On 23 December 2020, Italy quietly delivered a warship to Egypt, a frigate built by Fincantieri.
Two weeks earlier, Egyptian President Abdul Fattah al-Sisi had received the Legion of Honour at the Elysée Palace from the hands of French President Emmanuel Macron.
Since coming to power in 2014, al-Sisi has intensified the arms trade with both countries, as well as with China.
If France is the main exporter of arms to Cairo, Italy isn’t far behind, and since the killing of Italian academic Giulio Regeni, Rome has not stopped signing contracts for military orders with Egypt.
Regeni was a 28-year-old Cambridge University doctoral student, who went missing in Cairo in January 2016. His mutilated body was found days later in the city’s suburbs, and a post-mortem examination showed he had been tortured.
Four men, including a general and major within Egypt’s National Security Agency, are suspected of kidnapping, grievous bodily harm, and conspiracy to commit murder, Rome has stated.
But despite ongoing diplomatic tensions over his killing, Italy is set to deliver another frigate to Egypt, along with dozens of Eurofighter fighter-bombers, patrol boats, rocket launchers and military helicopters.
Egypt, in whose prisons Bologna University student Patrick Zaki is currently languishing without due process, is the world’s third-largest arms importer, according to Stockholm International Peace Research Institute (SIPRI).
It is also involved in the wars in Libya and Yemen, and also in a sort of “cold war” with Ethiopia.
The Regeni complaint against Italy
After the transfer of the first frigate to Egypt, the Regeni family filed a complaint with the public prosecutor’s office, accusing the government of violating a provision of Italian law governing the transfer of armaments.
A few days ago, as the fifth anniversary of Giulio’s disappearance approached, the Rome Public Prosecutor’s Office filed a request for the committal for trial of the four Egyptian spies accused of kidnapping, torturing and killing the Italian researcher.
Although international law recognises that it is in the interests of all states to export and import arms, especially to exercise their right to self-defence, there are certain circumstances in which the transfer of arms between states must be blocked.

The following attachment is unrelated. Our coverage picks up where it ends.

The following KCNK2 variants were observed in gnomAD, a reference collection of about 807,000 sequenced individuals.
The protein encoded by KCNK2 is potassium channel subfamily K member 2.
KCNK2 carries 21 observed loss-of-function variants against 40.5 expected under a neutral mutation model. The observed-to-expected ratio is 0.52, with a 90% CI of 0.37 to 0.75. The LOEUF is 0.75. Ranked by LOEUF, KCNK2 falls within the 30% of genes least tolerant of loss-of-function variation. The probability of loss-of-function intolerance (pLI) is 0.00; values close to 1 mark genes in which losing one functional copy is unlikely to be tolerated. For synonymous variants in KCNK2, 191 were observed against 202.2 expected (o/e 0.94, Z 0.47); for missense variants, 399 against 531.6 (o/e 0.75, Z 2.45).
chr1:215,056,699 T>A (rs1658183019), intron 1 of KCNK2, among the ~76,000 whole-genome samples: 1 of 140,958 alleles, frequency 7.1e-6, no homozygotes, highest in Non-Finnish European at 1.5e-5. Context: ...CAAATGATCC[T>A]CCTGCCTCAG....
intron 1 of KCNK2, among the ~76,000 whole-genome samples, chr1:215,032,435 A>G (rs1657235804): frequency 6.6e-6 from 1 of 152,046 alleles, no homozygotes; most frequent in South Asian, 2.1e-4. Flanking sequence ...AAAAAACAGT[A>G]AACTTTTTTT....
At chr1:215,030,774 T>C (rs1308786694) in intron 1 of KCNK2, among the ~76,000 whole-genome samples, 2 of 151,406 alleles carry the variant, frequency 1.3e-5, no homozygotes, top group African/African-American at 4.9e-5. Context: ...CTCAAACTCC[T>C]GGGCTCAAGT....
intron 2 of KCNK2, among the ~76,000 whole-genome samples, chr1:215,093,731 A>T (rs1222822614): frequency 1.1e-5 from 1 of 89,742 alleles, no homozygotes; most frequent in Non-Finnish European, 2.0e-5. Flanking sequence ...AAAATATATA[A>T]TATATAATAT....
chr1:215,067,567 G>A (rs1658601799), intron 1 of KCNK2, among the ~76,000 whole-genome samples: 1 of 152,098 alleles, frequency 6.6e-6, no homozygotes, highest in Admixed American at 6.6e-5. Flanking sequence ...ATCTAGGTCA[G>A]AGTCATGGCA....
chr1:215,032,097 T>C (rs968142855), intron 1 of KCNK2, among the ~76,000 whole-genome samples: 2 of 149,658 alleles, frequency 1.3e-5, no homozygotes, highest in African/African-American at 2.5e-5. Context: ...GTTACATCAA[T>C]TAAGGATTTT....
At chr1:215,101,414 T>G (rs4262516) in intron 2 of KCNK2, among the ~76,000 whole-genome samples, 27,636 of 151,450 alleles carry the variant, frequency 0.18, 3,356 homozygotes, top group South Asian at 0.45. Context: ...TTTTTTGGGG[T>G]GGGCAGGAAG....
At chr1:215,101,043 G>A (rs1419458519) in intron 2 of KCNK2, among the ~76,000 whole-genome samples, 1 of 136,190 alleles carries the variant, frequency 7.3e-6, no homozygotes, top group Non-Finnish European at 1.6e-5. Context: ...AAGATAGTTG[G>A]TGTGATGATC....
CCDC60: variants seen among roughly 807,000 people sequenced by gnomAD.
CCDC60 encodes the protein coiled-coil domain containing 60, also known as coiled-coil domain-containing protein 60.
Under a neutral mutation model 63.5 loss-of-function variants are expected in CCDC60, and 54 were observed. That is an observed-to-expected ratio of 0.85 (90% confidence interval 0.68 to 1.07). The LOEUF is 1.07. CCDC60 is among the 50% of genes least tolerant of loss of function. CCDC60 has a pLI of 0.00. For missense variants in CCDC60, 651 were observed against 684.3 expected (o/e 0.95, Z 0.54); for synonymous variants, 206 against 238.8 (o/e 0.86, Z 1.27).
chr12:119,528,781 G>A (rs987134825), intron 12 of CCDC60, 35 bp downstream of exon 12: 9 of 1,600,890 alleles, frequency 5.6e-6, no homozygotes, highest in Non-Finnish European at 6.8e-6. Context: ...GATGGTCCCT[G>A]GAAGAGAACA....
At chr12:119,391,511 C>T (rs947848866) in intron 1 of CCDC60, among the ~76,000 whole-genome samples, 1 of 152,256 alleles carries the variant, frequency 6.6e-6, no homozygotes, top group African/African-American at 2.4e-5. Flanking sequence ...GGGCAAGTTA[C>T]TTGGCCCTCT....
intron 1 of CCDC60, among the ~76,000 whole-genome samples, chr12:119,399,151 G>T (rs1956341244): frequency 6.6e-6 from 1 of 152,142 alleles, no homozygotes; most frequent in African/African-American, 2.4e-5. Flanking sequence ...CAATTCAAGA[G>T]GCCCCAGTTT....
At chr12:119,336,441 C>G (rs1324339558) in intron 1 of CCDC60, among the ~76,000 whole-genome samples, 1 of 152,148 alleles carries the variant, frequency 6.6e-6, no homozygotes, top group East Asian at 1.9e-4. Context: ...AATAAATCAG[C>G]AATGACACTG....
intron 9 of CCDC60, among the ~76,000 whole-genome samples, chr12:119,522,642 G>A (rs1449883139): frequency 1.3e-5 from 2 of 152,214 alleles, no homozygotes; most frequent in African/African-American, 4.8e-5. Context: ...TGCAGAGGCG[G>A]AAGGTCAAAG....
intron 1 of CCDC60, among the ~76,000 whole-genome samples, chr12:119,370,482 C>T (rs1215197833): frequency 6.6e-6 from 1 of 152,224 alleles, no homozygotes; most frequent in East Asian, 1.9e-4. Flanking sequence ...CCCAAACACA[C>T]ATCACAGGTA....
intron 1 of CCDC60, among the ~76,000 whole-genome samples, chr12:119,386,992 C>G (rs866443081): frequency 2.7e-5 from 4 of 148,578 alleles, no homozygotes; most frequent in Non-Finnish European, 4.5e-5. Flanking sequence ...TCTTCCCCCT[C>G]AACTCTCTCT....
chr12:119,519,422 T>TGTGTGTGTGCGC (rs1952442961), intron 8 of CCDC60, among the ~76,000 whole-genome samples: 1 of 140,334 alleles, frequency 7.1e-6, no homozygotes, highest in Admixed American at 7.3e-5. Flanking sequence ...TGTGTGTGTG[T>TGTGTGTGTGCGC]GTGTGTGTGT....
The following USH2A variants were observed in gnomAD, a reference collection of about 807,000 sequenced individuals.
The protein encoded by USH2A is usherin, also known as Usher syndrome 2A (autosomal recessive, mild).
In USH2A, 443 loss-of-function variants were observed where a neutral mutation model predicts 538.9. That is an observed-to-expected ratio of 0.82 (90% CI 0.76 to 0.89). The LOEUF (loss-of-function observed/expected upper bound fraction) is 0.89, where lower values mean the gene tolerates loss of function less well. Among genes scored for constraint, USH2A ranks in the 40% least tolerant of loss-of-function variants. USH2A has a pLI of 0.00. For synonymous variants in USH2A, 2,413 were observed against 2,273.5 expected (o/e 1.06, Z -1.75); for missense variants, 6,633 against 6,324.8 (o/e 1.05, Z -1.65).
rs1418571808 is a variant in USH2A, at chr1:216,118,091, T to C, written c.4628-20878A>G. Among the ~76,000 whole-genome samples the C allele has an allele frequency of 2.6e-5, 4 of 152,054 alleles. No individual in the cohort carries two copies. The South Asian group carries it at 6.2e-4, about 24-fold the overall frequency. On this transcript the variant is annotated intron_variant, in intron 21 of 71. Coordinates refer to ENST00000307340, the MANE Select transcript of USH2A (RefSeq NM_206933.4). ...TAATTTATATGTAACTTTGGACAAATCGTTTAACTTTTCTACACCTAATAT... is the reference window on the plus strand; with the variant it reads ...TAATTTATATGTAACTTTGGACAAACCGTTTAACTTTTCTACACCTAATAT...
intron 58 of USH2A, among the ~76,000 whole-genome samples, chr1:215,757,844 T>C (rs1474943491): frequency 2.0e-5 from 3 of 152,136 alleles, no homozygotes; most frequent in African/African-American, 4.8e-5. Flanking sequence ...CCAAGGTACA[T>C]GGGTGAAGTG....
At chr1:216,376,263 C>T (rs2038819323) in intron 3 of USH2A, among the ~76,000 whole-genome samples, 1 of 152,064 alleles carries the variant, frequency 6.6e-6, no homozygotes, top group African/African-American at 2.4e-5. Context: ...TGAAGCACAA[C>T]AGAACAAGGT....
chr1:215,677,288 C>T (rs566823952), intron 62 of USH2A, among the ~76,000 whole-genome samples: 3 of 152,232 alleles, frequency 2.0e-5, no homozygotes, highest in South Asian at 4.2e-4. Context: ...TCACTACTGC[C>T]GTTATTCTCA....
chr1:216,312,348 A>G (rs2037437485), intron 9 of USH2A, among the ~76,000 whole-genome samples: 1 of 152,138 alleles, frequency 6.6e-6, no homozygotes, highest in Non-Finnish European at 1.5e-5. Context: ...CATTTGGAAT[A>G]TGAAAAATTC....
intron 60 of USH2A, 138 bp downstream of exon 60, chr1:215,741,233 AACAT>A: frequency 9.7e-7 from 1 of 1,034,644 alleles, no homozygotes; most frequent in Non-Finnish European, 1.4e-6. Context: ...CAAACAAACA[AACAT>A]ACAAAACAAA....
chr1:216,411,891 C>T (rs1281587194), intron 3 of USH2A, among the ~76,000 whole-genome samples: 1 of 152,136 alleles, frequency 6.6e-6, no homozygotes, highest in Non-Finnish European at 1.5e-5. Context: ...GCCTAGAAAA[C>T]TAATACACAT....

Otherwise, rules are violated, explains Riccardo Labianco, a researcher at SOAS in London who works on the responsibility of arms exporting states in international law.
“Exporting states must not send arms to countries subject to UN embargoes, or those of other international organisations, and must not deliver arms to states suspected or fully responsible for violations of human rights and international humanitarian law,” Labianco tells Euronews.
Not only that, but “the arms transferred must not arrive in situations of armed conflict, regional tension, or in situations where they could be transferred to terrorist groups, and the purchase of arms by the importing country must not be made with economic resources that could be spent alternatively on improving the economic and social conditions of the inhabitants of the importing countries,” he adds.
Violation of Italian law
The complaint by Giulio Regeni’s parents is based on the violation of a law in Italy, passed in 1990, which states the country cannot authorise exports to countries “whose governments are responsible for serious violations of international human rights conventions, ascertained by the competent bodies of the United Nations, the EU or the Council of Europe”.
Although there has been no official pronouncement by the Security Council or the UN General Assembly against Egypt, according to Labianco, “among the bodies that can meet this requirement are committees of independent experts set up to monitor the application of core human rights treaties”.
The latter have repeatedly pointed out that the Egyptian government is responsible for systematic violations of the categorical prohibition of torture, other inhuman treatment, prolonged detention without trial, and excessive use of force by police and military against civilians.
The same law prohibits transfers in violation of embargoes, including those imposed by the European Union, and prohibits the export of arms to countries involved in armed conflict.
And this is not just about the war in Libya. Labianco points out that “it is not possible to exclude a priori that the Italian frigate to Egypt will not fuel tensions” in both the Mediterranean and the Red Sea.
Prosecutors in Rome are now studying the complaint made by Regeni’s parents.
President of the Chamber of Deputies, Roberto Fico, said on Monday that Italy’s sale of arms to Egypt “was an image we did not want to see…as for the violation of the law, it will be up to the judiciary to evaluate. Personally, however, I would be for a revision of the law, inserting more rigid limits.”